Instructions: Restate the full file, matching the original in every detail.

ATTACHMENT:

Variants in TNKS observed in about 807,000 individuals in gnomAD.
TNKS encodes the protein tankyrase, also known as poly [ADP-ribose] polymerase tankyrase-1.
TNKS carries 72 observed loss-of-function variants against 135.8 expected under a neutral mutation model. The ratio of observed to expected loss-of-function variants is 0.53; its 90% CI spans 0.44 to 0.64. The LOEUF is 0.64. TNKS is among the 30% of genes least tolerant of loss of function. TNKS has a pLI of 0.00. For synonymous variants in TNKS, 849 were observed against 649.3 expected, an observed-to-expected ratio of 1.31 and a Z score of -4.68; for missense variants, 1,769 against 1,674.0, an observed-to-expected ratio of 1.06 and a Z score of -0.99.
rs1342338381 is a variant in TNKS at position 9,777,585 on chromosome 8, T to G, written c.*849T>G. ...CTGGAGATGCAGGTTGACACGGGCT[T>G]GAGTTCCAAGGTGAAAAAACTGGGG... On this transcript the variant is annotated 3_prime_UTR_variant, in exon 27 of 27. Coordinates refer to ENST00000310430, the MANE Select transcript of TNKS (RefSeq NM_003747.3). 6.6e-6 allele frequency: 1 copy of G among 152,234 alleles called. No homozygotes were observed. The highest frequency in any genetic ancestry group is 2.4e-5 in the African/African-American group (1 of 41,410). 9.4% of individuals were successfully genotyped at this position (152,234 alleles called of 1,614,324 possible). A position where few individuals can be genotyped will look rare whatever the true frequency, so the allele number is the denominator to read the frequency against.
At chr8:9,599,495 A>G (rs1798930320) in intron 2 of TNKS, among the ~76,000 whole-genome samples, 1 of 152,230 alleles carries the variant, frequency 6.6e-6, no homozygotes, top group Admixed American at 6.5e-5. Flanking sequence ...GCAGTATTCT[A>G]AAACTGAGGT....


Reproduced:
Variants in TNKS observed in about 807,000 individuals in gnomAD.
TNKS encodes the protein tankyrase, also known as poly [ADP-ribose] polymerase tankyrase-1.
TNKS carries 72 observed loss-of-function variants against 135.8 expected under a neutral mutation model. The ratio of observed to expected loss-of-function variants is 0.53; its 90% CI spans 0.44 to 0.64. The LOEUF is 0.64. TNKS is among the 30% of genes least tolerant of loss of function. TNKS has a pLI of 0.00. For synonymous variants in TNKS, 849 were observed against 649.3 expected, an observed-to-expected ratio of 1.31 and a Z score of -4.68; for missense variants, 1,769 against 1,674.0, an observed-to-expected ratio of 1.06 and a Z score of -0.99.
rs1342338381 is a variant in TNKS at position 9,777,585 on chromosome 8, T to G, written c.*849T>G. ...CTGGAGATGCAGGTTGACACGGGCT[T>G]GAGTTCCAAGGTGAAAAAACTGGGG... On this transcript the variant is annotated 3_prime_UTR_variant, in exon 27 of 27. Coordinates refer to ENST00000310430, the MANE Select transcript of TNKS (RefSeq NM_003747.3). 6.6e-6 allele frequency: 1 copy of G among 152,234 alleles called. No homozygotes were observed. The highest frequency in any genetic ancestry group is 2.4e-5 in the African/African-American group (1 of 41,410). 9.4% of individuals were successfully genotyped at this position (152,234 alleles called of 1,614,324 possible). A position where few individuals can be genotyped will look rare whatever the true frequency, so the allele number is the denominator to read the frequency against.
At chr8:9,599,495 A>G (rs1798930320) in intron 2 of TNKS, among the ~76,000 whole-genome samples, 1 of 152,230 alleles carries the variant, frequency 6.6e-6, no homozygotes, top group Admixed American at 6.5e-5. Flanking sequence ...GCAGTATTCT[A>G]AAACTGAGGT....